“The elder still had total access to fair process,” he said.
Bishop Gwinn zeroed in on the council’s holding that guaranteed appointment is part of Methodist tradition, given that language articulating the principle entered the Book of Discipline, the church’s law book, in 1956.
If tradition is the guide, Bishop Gwinn said, the court should have gone back all the way back to the founding of the Methodist Episcopal Church in 1784, with Francis Asbury and Thomas Coke as leaders.
“Asbury and Coke would turn over in their graves if they thought we were connecting itinerancy to security of appointment,” Bishop Gwinn said. “We have been saying, and the church historians have been saying forever, that itinerancy is connected to call and commitment.”
Lonnie Brooks, a General Conference delegate and lay leader from Alaska who submitted a brief in support of the legislation, labeled the council’s decision “astounding.”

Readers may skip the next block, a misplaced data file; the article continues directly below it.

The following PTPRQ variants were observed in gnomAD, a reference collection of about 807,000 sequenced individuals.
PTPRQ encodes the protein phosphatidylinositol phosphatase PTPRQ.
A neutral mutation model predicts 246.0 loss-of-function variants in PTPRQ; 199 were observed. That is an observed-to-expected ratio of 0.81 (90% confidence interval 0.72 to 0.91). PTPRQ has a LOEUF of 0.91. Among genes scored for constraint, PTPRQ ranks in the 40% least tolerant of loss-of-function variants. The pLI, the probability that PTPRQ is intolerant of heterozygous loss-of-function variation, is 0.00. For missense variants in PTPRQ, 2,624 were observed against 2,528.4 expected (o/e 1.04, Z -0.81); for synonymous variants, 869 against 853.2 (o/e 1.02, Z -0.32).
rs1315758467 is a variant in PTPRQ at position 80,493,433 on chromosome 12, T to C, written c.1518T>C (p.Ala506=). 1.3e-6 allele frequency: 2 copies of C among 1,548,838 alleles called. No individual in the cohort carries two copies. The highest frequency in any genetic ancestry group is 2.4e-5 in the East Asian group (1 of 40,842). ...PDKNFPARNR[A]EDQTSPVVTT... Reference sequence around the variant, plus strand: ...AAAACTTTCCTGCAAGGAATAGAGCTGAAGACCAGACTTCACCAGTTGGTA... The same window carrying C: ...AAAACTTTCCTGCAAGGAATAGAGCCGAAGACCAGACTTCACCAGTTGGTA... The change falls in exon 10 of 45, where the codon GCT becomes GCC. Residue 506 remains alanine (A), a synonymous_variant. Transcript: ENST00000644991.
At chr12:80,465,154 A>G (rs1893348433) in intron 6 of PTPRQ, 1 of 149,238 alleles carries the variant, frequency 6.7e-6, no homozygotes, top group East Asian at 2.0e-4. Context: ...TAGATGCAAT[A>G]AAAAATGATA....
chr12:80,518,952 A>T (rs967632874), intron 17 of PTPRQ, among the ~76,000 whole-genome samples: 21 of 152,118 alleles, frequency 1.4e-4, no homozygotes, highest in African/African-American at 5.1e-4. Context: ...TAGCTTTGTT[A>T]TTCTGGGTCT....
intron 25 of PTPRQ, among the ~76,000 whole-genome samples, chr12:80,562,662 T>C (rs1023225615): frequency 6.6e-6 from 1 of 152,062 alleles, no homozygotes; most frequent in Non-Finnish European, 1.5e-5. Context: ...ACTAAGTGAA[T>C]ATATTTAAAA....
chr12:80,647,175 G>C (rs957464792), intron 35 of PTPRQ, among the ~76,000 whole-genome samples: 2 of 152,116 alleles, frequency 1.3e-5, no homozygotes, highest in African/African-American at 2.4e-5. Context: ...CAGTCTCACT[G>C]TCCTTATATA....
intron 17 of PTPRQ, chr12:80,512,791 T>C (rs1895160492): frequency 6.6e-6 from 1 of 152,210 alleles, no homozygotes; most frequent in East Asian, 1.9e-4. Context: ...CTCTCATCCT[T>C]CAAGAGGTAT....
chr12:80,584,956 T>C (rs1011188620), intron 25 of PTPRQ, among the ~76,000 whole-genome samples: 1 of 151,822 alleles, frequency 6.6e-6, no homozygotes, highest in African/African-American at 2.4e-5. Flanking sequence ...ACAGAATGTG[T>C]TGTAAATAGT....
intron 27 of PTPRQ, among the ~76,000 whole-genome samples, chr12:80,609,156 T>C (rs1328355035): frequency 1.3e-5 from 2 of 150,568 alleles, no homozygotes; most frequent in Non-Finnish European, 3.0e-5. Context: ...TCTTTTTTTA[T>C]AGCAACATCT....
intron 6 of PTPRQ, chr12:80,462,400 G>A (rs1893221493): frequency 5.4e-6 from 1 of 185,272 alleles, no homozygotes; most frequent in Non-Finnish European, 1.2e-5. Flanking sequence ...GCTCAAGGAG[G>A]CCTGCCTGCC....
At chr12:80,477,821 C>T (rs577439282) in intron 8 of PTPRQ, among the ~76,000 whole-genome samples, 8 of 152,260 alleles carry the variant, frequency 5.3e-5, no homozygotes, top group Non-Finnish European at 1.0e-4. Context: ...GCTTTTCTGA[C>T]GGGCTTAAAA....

“You can’t reasonably interpret a guarantee of a right to trial as a guarantee of a right to lifetime employment,” he said. “That’s precisely what the Judicial Council has done.”
The decision came just before the Connectional Table, Council of Bishops and General Council of Finance and Administration issued a “2012 State of the Church” report which shows overall growth for the UMC, thanks to rapid expansion in Africa, but the loss of almost 650,000 members in the United States since 2000.
The congregations of the United States fund nearly all of the UMC’s general operations.
UMC leaders have in recent years called for a 10-year focus on increasing vitality among congregations, and the Judicial Council’s striking down of reform legislation aimed to help that effort has clearly escalated tensions and heightened rhetoric.
Mr. Brooks, for example, said, “When change is inevitable and sorely needed, and those with the power to do so block orderly change, then the result is revolution.”
And Mr. Langford was just as forthright.
“Increasingly, only the nine members of the Judicial Council speak for our denomination,” he said. “Time has come to withdraw all funding for their work.”
The Rev. William Lawrence, dean of Perkins School of Theology, is current president of the Judicial Council. He declined to respond to criticisms.
“The decisions stand for themselves and we would encourage people in the church who are committed to and care about these matters to study the decisions carefully,” he said.
To read the council’s decisions online, go to http://archives.umc.org/interior_judicial.asp?mid=263/.